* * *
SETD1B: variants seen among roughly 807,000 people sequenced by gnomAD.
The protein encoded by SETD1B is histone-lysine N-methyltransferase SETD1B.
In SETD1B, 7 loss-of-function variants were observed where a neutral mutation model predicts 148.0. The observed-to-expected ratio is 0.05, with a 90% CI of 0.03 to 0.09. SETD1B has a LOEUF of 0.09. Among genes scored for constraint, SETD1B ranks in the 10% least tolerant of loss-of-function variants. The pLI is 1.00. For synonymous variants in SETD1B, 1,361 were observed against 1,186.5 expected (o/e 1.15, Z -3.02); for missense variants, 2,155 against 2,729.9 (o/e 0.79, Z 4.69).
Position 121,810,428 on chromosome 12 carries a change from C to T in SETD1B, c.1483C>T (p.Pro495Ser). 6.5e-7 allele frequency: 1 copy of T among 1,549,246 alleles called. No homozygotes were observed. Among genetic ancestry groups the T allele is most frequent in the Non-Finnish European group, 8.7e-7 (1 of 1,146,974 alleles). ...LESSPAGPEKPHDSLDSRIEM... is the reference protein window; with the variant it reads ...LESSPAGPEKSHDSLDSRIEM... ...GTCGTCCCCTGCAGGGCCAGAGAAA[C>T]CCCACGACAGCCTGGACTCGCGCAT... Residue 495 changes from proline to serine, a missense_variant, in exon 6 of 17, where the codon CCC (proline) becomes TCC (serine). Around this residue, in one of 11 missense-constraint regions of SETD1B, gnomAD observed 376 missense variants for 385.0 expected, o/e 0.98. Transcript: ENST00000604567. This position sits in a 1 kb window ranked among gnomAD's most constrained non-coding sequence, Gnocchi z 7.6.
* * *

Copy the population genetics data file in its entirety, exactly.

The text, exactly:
SETD1B: variants seen among roughly 807,000 people sequenced by gnomAD.
The protein encoded by SETD1B is histone-lysine N-methyltransferase SETD1B.
In SETD1B, 7 loss-of-function variants were observed where a neutral mutation model predicts 148.0. The observed-to-expected ratio is 0.05, with a 90% CI of 0.03 to 0.09. SETD1B has a LOEUF of 0.09. Among genes scored for constraint, SETD1B ranks in the 10% least tolerant of loss-of-function variants. The pLI is 1.00. For synonymous variants in SETD1B, 1,361 were observed against 1,186.5 expected (o/e 1.15, Z -3.02); for missense variants, 2,155 against 2,729.9 (o/e 0.79, Z 4.69).
Position 121,810,428 on chromosome 12 carries a change from C to T in SETD1B, c.1483C>T (p.Pro495Ser). 6.5e-7 allele frequency: 1 copy of T among 1,549,246 alleles called. No homozygotes were observed. Among genetic ancestry groups the T allele is most frequent in the Non-Finnish European group, 8.7e-7 (1 of 1,146,974 alleles). ...LESSPAGPEKPHDSLDSRIEM... is the reference protein window; with the variant it reads ...LESSPAGPEKSHDSLDSRIEM... ...GTCGTCCCCTGCAGGGCCAGAGAAA[C>T]CCCACGACAGCCTGGACTCGCGCAT... Residue 495 changes from proline to serine, a missense_variant, in exon 6 of 17, where the codon CCC (proline) becomes TCC (serine). Around this residue, in one of 11 missense-constraint regions of SETD1B, gnomAD observed 376 missense variants for 385.0 expected, o/e 0.98. Transcript: ENST00000604567. This position sits in a 1 kb window ranked among gnomAD's most constrained non-coding sequence, Gnocchi z 7.6.